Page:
The devil's advocates

September 24, 1999

John Cornwell has found damning evidence against saint-in-waiting Pope Pius XII. As those about to be canonised face increased academic scrutiny, becoming a saint has never been so tough.

Supplying the recent history of the papacy is no easy task because the Vatican archives maintain a 75-year rule of secrecy. Moreover, Eugenio Pacelli, Pope Pius XII - Hitler's pope as he has notoriously been called - was a secretive individual who, as far as we know, kept no diaries before he became pope and wrote few intimate letters.

That I have managed to tell Pacelli's story, the story of a man whose refusal to publicly denounce Hitler's murderous regime may have condemned millions of Jews to the gas chamber, is the result of unprecedented access to unpublished sources in closed archives in Rome - the collection of sworn depositions for the beatification of Pius XII in the keeping of the Society of Jesus.

Given that modern processes for beatification and canonisation are qualified by a strenuous search for evidence against the holiness of the "servant of God", these documents - 76 interviews conducted under oath 25 years ago - have proved crucial. Having consulted them, I now know how far Pacelli's guilt extended. By signing the Reich concordant in 1933, Pacelli assisted Hitler to power. In exchange for greater sway over the country's Catholics, the Catholic church in Germany withdrew from political action, weakening its ability to resist the terrors that followed.

Arguments over Pacelli's reaction to the Final Solution have raged for more than 35 years, every attempt at a final verdict evoking a challenge from the opposite extreme (see box below). New generations are still attempting to come to terms with outstanding debts of conscience on the part of the papacy and the Catholic church 50 years after the end of the second world war. The evangelical churches of Germany acknowledged their guilt for the crimes of the Nazi regime, as did the Catholic hierarchy. The Holy See, by contrast, has made no such affirmation.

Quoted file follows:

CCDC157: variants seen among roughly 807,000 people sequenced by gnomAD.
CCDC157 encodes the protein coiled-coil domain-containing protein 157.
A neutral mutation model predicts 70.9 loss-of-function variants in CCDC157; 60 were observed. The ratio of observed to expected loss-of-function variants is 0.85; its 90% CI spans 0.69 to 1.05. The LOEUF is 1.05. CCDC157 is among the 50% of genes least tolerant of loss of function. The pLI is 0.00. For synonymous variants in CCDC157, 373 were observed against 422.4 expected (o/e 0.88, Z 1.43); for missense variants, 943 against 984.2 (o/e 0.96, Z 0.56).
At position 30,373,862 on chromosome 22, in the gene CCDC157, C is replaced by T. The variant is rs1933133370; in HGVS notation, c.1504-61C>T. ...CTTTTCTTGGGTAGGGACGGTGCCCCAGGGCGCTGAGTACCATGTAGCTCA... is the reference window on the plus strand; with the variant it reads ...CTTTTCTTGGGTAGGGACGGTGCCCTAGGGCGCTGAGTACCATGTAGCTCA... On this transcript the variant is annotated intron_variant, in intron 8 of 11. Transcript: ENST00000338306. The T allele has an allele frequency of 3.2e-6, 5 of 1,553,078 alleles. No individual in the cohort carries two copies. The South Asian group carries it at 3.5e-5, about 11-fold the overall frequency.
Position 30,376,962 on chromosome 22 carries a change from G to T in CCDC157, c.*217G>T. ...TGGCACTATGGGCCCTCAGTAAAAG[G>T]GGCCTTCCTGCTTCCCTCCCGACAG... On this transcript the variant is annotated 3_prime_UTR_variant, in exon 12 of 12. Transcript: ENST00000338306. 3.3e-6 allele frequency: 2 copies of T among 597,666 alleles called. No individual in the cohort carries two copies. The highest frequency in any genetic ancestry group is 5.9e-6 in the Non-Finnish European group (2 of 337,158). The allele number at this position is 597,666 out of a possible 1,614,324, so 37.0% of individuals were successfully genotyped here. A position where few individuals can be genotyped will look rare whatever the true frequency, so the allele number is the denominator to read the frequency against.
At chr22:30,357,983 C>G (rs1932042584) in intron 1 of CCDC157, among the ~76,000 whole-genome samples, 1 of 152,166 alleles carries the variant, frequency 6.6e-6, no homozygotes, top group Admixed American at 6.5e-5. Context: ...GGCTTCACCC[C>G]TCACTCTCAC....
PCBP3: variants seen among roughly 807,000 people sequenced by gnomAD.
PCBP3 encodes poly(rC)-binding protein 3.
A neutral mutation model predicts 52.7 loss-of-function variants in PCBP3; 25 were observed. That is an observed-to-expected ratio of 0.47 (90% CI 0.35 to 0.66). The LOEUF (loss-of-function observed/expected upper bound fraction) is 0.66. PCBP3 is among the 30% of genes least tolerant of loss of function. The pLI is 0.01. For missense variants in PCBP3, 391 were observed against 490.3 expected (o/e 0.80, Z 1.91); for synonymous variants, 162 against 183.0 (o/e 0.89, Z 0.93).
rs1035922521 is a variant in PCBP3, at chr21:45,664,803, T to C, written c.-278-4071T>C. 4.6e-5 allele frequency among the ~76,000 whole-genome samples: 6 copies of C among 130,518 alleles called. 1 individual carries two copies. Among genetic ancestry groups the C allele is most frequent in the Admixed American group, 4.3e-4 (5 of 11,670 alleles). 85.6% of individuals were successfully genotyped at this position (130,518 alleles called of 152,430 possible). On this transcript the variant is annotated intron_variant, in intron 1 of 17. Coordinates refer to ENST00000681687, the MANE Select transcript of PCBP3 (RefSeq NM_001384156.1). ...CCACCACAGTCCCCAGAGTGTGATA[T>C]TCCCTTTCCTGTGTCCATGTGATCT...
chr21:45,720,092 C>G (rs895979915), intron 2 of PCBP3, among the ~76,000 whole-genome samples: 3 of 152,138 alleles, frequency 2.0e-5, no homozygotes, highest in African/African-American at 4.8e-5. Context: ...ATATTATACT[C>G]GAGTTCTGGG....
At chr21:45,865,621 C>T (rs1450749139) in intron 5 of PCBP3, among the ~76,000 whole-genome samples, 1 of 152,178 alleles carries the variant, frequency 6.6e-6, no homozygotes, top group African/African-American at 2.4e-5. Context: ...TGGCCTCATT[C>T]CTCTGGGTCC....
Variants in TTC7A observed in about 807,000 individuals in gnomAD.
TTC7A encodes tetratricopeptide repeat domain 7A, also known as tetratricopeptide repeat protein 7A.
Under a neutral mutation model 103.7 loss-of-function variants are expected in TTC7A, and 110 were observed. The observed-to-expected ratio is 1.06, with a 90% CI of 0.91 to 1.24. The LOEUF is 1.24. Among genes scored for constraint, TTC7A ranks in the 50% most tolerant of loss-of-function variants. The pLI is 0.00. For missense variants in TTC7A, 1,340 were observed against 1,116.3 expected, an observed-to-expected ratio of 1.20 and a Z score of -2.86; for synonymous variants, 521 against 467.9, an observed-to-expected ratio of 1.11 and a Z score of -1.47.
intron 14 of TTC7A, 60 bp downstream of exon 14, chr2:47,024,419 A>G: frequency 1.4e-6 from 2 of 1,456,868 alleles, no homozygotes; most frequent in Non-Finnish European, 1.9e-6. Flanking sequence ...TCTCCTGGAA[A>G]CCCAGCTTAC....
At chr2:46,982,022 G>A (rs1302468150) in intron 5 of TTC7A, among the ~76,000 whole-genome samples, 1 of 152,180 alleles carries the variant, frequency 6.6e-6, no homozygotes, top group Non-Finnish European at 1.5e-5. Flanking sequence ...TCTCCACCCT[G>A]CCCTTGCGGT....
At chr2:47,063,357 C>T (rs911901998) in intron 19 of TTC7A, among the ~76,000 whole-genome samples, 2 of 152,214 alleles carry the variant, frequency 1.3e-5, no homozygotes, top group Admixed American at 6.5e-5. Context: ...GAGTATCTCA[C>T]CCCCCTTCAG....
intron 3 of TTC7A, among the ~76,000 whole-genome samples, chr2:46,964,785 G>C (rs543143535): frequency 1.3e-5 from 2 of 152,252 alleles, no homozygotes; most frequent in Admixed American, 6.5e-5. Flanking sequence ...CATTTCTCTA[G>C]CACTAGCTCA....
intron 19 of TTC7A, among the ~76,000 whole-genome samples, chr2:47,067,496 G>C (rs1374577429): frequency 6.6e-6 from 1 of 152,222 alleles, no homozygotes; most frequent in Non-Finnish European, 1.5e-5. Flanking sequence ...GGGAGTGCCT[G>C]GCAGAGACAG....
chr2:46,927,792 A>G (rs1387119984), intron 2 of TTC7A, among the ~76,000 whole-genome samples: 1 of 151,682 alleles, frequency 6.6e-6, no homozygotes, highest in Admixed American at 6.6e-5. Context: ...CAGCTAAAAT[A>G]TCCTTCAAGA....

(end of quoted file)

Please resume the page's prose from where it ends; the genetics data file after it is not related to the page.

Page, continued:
There have been papal initiatives to heal the breach between Christianity and Judaism: Paul VI's visit to Israel, John Paul II's two synagogue visits and his "remembrance" statement in spring 1998 on the history of offences against the Jews. But he used that last occasion to exonerate Pius XII's wartime conduct.

While academic historians have toiled to unravel the truth, at the headquarters of the Jesuits in Borgo Santo Spirito a rather different investigation has been in progress. This is the research and writing of a positio, a "sacred" biography, in support of the beatification and, ultimately, the canonisation of Pacelli.

Beatification and canonisation are declarations by the pope that a dead individual has led a life of heroic virtue and resides in heaven.

Beatification indicates that the pope has sanctioned a local cult of the person's sainthood and that his person may be prayed to. Canonisation indicates the celebration of a worldwide cult. The positio is the story of an individual's holiness and must reflect the views of many people who knew him.